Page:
Keith Melton, a founding board member of the International Spy Museum, explained in the museum’s 2020 video presentation how the CIA looked toward nature for inspiration in its miniature aerial surveillance technology. The CIA’s Research and Development Office then studied the best flight characteristics of insects, including the dragonfly. Dragonflies had a stable 3-inch wingspan, could fly in various weather conditions, and had the strength to be outfitted with a sensor package. The prototype weighed only 1 gram and could fly a few hundred yards in 60 seconds of flight time. Early experiments showed promise, but in the end, the CIA discovered the insectothopter became unstable in flight when passing through crosswinds; thus, the micro-UAV never flew an operational mission. It did, however, inspire generations of micro-drones, which have been deployed abundantly in the War on Terror.
Lockheed Martin’s Skunkworks Division was eventually tasked with another classified project to meet the US military’s evolving demands for UAV capabilities. Thus it developed the RQ-170 Sentinel, which is similar in appearance to a B-2 bomber but much smaller. With only a 14-meter wingspan, the RQ-170 Sentinel can fly up to 50,000 feet in altitude and provides real-time intelligence to operators from the 432nd Wing of Air Combat Command at Creech Air Force Base, Nevada, as well as the 30th Reconnaissance Squadron at Tonopah Test Range, Nevada.
The RQ-170’s first publicly acknowledged mission was launched from Kandahar Airfield, Afghanistan, in 2007. Soon afterward, the UAV gained the famous nickname “the Beast of Kandahar.” The RQ-170 has also been flown over North Korea and was reportedly used in the 2011 Bin Laden raid in Abbottabad, Pakistan. The real-time feed allowed President Barack Obama and his staff to watch the assault as it was unfolding. In December of that same year, the Iranian military managed to hijack an RQ-170 while it was in flight and then reverse-engineered it and developed a version of the aircraft for its own UAV fleet. Yikes!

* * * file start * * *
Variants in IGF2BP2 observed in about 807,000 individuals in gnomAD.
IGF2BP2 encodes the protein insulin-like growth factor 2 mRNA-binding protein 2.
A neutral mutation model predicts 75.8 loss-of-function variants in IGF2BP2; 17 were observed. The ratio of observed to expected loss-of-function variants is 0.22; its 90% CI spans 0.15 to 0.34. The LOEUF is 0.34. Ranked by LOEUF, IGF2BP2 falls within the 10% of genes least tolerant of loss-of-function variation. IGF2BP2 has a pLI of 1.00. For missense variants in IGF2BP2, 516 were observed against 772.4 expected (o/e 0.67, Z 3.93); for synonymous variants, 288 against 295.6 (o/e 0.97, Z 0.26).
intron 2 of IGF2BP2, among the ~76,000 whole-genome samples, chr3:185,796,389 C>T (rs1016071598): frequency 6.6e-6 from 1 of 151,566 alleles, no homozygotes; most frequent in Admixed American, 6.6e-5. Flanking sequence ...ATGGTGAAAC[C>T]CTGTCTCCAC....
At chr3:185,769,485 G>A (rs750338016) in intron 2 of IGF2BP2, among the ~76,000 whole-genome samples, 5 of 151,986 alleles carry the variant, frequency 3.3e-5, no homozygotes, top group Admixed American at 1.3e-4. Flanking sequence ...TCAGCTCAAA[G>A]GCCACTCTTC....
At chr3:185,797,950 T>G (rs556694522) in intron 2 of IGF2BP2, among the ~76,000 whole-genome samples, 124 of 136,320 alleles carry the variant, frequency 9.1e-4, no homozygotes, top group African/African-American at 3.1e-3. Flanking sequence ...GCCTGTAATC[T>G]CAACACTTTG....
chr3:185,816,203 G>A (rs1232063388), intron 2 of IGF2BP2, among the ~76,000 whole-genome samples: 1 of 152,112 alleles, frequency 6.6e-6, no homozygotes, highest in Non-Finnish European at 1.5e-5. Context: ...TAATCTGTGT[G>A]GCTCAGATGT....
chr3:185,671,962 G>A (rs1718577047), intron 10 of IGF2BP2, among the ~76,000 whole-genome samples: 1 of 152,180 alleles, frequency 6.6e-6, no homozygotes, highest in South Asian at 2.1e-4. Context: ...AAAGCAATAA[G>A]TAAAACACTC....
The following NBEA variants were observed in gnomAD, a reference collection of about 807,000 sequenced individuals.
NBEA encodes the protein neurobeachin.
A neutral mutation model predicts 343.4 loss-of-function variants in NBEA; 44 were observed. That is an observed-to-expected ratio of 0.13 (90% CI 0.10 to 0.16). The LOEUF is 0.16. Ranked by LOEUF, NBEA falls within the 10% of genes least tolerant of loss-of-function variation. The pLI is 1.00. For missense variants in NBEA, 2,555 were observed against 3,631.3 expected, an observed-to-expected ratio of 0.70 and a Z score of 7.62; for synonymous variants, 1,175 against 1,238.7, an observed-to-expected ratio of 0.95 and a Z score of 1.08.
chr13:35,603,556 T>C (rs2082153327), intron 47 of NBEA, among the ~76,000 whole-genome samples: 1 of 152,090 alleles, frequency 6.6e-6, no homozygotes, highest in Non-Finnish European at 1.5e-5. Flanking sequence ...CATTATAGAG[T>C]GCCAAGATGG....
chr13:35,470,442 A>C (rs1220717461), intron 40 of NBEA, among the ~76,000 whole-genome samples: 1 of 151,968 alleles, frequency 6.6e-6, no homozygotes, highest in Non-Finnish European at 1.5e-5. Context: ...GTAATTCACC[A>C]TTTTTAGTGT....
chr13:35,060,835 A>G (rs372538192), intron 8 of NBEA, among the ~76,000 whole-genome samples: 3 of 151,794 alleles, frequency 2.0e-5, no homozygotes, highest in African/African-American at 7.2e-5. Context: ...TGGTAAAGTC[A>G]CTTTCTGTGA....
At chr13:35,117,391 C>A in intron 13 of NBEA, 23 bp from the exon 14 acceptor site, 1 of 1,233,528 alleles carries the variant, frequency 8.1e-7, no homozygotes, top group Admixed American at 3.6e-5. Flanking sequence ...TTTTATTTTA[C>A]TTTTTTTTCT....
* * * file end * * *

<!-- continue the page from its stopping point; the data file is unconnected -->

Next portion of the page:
Switchblade tactical systems are a two-in-one package. Developed in the 2000s by AeroVironment and entering service in 2011, these Switchblade devices are the premier Lethal Miniature Aerial Missile System in the US Army’s arsenal. A lone operator can set up a self-contained tube launcher — a smaller, more compact version of a mortar tube — in less than 10 minutes and launch one of two models of the Switchblade into a hostile area. Once at an altitude somewhere between 500 and 650 feet above the ground, the drone has the endurance to loiter on station between 15 minutes and 40 minutes, or more, depending on the model, and uses ISR capabilities to provide operators with real-time surveillance. If the ground operator decides to strike a target — a vehicle, for example, or an object or person through a window — the Switchblade can deliver precision strikes with minimal collateral damage.
There are currently two models of these drones: Switchblade 300 and Switchblade 600. Switchblade 300, the smaller model, weighs just 5.5 pounds, can fit in a backpack, and is designed for anti-personnel use, while the Switchblade 600 is much larger, weighing about 50 pounds, and carries a warhead that can destroy tanks. In 2022, the United States supplied approximately 100 Switchblade drones to Ukraine, where the Switchblade 600s in particular have since come to be known as the “kamikaze drones.”
Read Next: Special Operators Break Down the Switchblade Drones Headed to Ukraine
Matt Fratus is a history staff writer for Coffee or Die. He prides himself on uncovering the most fascinating tales of history by sharing them through any means of engaging storytelling. He writes for his micro-blog @LateNightHistory on Instagram, where he shares the story behind the image. He is also the host of the Late Night History podcast. When not writing about history, Matt enjoys volunteering for One More Wave and rooting for Boston sports teams.